Ms. Linda and pajaritomt: I'm not a plant pathologist so I can't give you definitive feedback about the specifics of the disease. From what I've read, and you can click the links in my article http://davesgarden.com/guides/articles/view/2613/ and read about it too, winters here in the northeast are normally cold enough to kill pathogens in the soil. But if there's a relatively mild winter, and we've had some, all bets are off. Especially if infected tubers or tomatoes are missed during fall cleanup, and you've accidentally discarded infected plants or fruit or tubers into the compost bin. Enough warmth can be generated in a compost pile during winter for some bad bacteria to survive into spring. I don't think soil tests reveal pathogens.
After reading about the "late blight" around here, I was pleased with my plants survivability until two weeks ago. Then it hit! I only have four tomato plants, all four different heirlooms. Two plants have been pulled. One, a plum tomato, seems to be very mildly affected.
In over 50 years of gardening I have never seen this. As my neighbor says, "it is always something new".
I too have heard reports that the blight is supposed to be killed in Pennsylvania by winter temperatures, but as TC suggests the compost pile may prevent the fungus from being destroyed. Burning, garbage disposal or burying two feet deep are reported to be safe ways of plant disposal
Thanks for the article TC and keep up the good work.
I also live in SW PA. and my tomato plants all succumbed to the blight despite my best efforts to save them. I think the culprit must have been 2 plants that I bought from a box store. The rest were mail order. I did manage to harvest some different varieties of cherry tomatoes that ripened early. But all the tomatoes for sauce, salsa and slicing were lost. It has been a very big disappointment, to say the least.
It's disheartening to hear y'all talk about the losses. There for a while, I was getting six or eight phone calls daily from folks who had tomatoes infected with late blight. Some, like wldrnss, had never seen late blight in all their years of gardening. This is the first time I've seen it in my garden. I'm also hearing from folks, like you shihtzu5, who had good luck with their cherry tomatoes, we had good luck with ours too ('Sun Gold').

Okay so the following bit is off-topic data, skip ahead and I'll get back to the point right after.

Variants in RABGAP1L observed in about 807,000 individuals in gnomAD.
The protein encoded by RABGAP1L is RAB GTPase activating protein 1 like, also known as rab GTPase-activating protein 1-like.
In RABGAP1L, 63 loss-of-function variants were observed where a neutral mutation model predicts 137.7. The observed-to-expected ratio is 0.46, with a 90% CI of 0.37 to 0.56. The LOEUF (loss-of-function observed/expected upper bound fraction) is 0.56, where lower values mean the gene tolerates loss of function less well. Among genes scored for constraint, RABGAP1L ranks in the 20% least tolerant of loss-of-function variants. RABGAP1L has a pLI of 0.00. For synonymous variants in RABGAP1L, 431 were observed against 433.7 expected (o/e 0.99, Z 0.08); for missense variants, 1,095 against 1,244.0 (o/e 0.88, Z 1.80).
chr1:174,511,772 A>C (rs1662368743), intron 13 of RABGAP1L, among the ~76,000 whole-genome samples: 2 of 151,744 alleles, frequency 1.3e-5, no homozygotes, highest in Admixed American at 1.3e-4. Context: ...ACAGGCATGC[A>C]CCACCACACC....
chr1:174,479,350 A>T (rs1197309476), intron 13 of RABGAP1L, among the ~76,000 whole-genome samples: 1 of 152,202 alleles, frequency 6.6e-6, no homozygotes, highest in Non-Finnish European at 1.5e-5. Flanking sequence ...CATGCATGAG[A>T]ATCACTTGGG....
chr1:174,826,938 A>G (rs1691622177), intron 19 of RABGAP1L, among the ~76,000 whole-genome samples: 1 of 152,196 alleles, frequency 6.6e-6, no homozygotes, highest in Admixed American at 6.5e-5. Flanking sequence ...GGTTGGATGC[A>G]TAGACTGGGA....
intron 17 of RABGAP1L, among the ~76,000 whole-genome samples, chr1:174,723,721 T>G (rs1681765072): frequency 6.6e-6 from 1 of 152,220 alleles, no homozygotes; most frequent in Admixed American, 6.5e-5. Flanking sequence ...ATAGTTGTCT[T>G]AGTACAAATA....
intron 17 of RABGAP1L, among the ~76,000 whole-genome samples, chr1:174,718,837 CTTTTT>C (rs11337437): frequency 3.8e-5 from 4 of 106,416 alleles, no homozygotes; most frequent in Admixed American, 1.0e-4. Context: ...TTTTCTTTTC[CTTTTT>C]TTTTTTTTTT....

I think I'll do a little more research about its ability to overwinter in the garden.
I had potatoes too and they didn't seem to be badly affected. We're harvesting as needed and tubers look healthy. 'Yukon Gold' and 'Red Pontiac' were grown.
So that was one of the problems with my tomato plants this year. The gray color was very prominent on the edge of the leaves on my plants. Between that and the bugs I had this season, I pulled all of them up. I have a raised bed and wondered if planting my plants on the opposite side of the bed next season would be rotation enough. I was also told I need to pull everything up from the bed and cover it with black plastic and cover that with rocks until next Spring to kill the bugs that I was plagued with this season (squash bugs, etc) . Does this sound helpful to anyone or a means of giving the blight the proper conditions of growing through our usually pretty mild southern winters,
I just had to pull all of my tomato plants today because of late blight. I could have cried. We got one ripe tomato this year. I started most of my toamtoes from seed but did buy one tray of plants from Walmart. :(
Howell49, I've not heard of having to sterilize soil for squash bugs. But I'm in a much colder growing zone than you, zone 6, some still say we're zone 5. Have you checked your local extension office about that?
Brutusmother, sorry to hear about you losing your tomatoes. It's sad, I know the pain. Luckily, there's always next season!